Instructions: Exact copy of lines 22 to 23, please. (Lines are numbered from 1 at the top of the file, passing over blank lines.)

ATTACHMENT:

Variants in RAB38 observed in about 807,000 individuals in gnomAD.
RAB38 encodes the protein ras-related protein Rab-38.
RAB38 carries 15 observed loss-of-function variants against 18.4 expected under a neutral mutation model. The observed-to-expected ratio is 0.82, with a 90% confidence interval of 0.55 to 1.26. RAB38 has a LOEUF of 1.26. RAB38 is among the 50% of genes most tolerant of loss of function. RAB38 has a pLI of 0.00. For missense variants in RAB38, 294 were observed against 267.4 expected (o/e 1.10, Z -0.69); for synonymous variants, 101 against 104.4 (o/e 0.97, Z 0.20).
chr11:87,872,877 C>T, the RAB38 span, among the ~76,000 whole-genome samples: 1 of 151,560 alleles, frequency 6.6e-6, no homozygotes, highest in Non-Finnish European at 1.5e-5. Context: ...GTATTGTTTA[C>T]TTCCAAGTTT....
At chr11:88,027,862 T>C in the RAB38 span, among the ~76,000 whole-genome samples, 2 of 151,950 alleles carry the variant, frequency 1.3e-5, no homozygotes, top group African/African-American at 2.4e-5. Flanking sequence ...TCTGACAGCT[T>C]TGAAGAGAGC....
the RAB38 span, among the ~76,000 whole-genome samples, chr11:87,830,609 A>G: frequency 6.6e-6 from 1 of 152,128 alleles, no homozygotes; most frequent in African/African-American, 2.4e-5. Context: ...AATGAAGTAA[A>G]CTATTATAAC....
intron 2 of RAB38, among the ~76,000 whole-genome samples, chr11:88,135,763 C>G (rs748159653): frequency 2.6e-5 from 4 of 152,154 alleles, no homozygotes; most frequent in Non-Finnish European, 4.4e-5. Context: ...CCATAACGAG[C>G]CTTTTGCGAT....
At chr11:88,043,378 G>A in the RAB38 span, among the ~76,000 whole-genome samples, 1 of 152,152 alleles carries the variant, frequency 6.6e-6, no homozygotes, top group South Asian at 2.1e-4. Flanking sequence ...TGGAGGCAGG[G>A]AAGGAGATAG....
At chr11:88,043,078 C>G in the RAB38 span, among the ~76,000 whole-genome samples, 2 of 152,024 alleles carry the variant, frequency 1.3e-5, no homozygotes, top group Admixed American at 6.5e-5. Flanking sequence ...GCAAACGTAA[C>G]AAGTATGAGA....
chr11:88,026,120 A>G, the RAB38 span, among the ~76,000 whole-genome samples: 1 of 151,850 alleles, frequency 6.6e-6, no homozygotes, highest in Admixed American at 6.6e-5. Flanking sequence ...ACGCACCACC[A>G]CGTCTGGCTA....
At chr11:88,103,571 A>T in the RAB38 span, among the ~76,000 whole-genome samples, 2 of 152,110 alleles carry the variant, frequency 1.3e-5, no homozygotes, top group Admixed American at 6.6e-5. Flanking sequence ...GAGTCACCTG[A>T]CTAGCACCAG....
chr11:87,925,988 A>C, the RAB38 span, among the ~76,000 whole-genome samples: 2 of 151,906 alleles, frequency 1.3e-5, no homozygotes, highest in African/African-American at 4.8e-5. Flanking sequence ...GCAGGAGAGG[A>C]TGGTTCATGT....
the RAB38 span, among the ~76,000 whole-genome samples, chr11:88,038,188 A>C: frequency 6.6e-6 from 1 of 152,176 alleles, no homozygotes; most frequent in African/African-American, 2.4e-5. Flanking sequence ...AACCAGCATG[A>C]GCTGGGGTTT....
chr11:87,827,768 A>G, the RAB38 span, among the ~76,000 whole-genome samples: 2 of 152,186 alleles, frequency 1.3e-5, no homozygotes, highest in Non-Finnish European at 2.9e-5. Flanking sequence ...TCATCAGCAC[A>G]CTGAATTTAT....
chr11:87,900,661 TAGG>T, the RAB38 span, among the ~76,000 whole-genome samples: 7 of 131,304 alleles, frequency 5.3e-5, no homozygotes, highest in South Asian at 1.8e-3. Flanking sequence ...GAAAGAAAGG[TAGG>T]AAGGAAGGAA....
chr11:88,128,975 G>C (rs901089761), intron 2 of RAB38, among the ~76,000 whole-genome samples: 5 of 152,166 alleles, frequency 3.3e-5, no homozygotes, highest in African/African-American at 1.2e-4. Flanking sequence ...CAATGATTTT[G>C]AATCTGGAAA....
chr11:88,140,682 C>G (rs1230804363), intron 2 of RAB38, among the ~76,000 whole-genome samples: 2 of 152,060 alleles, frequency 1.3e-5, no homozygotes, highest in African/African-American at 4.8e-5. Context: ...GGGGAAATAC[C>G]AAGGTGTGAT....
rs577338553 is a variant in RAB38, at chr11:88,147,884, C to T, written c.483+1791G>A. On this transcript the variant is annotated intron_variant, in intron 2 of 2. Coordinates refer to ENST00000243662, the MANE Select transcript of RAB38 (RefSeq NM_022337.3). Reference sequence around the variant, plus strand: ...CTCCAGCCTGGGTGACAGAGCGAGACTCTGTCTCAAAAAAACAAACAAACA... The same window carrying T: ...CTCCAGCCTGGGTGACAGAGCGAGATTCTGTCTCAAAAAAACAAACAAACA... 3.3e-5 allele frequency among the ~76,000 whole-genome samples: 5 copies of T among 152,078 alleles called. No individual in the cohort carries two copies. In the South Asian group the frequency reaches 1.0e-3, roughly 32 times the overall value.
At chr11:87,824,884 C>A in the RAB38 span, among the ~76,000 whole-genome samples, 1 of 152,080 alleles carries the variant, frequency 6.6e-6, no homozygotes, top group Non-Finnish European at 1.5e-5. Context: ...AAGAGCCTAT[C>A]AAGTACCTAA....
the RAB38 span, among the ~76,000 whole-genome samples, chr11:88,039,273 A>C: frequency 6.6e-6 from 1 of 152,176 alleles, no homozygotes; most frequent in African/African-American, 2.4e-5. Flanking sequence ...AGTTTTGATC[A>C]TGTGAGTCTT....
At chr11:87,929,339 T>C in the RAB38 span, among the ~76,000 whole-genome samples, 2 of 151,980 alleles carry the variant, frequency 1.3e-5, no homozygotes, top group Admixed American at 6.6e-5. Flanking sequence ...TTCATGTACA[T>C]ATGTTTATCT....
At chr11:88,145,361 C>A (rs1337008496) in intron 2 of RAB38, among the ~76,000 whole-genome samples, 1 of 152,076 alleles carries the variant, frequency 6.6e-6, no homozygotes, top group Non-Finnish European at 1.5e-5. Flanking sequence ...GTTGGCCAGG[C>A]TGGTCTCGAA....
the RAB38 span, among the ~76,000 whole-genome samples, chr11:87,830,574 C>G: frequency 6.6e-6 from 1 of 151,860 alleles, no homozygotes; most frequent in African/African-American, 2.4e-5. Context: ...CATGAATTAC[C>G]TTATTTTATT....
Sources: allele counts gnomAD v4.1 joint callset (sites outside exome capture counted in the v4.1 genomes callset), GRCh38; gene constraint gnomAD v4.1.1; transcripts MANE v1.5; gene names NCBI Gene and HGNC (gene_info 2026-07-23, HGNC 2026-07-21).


At chr11:88,145,361 C>A (rs1337008496) in intron 2 of RAB38, among the ~76,000 whole-genome samples, 1 of 152,076 alleles carries the variant, frequency 6.6e-6, no homozygotes, top group Non-Finnish European at 1.5e-5. Flanking sequence ...GTTGGCCAGG[C>A]TGGTCTCGAA....
the RAB38 span, among the ~76,000 whole-genome samples, chr11:87,830,574 C>G: frequency 6.6e-6 from 1 of 151,860 alleles, no homozygotes; most frequent in African/African-American, 2.4e-5. Context: ...CATGAATTAC[C>G]TTATTTTATT....